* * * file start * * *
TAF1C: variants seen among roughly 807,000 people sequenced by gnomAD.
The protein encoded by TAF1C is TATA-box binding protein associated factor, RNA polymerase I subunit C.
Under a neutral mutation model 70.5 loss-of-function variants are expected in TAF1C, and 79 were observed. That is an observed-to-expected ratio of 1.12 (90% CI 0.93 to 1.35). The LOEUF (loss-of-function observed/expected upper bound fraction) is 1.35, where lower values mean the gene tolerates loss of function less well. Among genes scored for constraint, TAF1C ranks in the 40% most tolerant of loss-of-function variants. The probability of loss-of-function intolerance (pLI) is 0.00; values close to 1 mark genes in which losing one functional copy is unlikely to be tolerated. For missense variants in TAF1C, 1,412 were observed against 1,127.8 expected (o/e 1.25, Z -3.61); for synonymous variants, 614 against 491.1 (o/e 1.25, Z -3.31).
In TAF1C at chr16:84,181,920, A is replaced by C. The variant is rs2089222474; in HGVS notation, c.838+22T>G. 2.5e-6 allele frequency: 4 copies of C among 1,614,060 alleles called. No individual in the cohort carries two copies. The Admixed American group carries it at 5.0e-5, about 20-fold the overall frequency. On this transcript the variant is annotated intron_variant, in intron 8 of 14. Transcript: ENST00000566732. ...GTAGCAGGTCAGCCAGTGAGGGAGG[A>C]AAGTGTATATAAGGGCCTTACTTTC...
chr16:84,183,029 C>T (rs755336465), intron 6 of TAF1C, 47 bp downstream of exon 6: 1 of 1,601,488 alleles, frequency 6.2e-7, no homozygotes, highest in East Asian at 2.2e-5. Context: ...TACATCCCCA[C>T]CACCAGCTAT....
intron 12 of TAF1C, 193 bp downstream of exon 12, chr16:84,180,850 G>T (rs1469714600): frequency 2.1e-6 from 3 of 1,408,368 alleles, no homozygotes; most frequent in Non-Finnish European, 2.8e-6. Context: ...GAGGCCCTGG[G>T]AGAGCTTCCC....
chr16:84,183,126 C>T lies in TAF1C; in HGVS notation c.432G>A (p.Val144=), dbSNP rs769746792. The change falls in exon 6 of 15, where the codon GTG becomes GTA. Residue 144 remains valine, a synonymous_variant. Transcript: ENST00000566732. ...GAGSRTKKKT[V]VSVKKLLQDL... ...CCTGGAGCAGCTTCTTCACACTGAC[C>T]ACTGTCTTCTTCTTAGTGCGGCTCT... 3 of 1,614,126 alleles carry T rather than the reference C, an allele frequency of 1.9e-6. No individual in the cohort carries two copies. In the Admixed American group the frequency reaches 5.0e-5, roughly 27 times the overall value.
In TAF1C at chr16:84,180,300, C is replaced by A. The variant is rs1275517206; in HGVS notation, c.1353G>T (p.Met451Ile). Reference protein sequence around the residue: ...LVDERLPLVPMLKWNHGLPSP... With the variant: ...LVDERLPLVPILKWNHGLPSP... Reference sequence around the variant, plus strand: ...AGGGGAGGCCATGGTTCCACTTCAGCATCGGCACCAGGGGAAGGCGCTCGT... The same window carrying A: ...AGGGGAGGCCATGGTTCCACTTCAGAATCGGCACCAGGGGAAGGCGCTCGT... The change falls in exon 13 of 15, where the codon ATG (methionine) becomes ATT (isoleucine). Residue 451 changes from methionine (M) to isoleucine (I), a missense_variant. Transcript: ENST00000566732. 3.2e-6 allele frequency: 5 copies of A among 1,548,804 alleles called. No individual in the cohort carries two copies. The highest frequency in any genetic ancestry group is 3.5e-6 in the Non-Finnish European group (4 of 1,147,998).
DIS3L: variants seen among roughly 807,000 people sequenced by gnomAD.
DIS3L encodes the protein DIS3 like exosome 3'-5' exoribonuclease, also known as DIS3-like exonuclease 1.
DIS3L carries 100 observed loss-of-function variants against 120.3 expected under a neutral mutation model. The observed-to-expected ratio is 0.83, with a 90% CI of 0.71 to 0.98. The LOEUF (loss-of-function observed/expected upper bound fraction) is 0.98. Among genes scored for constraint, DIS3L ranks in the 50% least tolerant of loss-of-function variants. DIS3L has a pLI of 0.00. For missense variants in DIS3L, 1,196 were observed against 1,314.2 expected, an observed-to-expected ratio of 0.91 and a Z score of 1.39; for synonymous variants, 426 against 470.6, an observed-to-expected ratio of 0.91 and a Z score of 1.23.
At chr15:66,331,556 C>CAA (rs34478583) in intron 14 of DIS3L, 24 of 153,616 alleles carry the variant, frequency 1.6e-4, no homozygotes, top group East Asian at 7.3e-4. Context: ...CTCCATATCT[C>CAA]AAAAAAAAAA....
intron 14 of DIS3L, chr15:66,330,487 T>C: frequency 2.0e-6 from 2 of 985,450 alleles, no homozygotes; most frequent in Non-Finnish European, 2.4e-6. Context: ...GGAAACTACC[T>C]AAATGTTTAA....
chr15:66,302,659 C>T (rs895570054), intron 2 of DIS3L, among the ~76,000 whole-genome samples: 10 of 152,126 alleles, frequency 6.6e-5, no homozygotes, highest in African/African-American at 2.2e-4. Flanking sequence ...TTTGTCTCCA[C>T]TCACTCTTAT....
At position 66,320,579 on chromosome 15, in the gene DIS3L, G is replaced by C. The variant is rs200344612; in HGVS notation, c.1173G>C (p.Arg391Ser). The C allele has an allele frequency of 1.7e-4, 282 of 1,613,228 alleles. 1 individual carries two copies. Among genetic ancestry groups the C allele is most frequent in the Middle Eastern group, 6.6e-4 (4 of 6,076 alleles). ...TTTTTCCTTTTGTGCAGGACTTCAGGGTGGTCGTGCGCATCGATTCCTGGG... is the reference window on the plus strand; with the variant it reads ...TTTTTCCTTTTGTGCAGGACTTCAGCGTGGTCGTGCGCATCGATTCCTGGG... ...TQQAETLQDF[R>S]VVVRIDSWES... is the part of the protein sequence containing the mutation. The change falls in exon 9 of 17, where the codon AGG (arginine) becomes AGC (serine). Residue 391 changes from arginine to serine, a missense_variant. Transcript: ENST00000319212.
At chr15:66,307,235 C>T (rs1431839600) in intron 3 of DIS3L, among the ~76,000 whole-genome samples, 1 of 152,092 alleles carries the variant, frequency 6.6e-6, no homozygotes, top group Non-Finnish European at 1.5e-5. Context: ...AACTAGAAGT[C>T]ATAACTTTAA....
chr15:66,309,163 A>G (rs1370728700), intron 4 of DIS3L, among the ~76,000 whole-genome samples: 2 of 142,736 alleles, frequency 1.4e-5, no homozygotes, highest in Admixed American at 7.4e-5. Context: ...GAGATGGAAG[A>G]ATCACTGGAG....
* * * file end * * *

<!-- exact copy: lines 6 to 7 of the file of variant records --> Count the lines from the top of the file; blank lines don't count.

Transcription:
intron 12 of TAF1C, 193 bp downstream of exon 12, chr16:84,180,850 G>T (rs1469714600): frequency 2.1e-6 from 3 of 1,408,368 alleles, no homozygotes; most frequent in Non-Finnish European, 2.8e-6. Context: ...GAGGCCCTGG[G>T]AGAGCTTCCC....
chr16:84,183,126 C>T lies in TAF1C; in HGVS notation c.432G>A (p.Val144=), dbSNP rs769746792. The change falls in exon 6 of 15, where the codon GTG becomes GTA. Residue 144 remains valine, a synonymous_variant. Transcript: ENST00000566732. ...GAGSRTKKKT[V]VSVKKLLQDL... ...CCTGGAGCAGCTTCTTCACACTGAC[C>T]ACTGTCTTCTTCTTAGTGCGGCTCT... 3 of 1,614,126 alleles carry T rather than the reference C, an allele frequency of 1.9e-6. No individual in the cohort carries two copies. In the Admixed American group the frequency reaches 5.0e-5, roughly 27 times the overall value.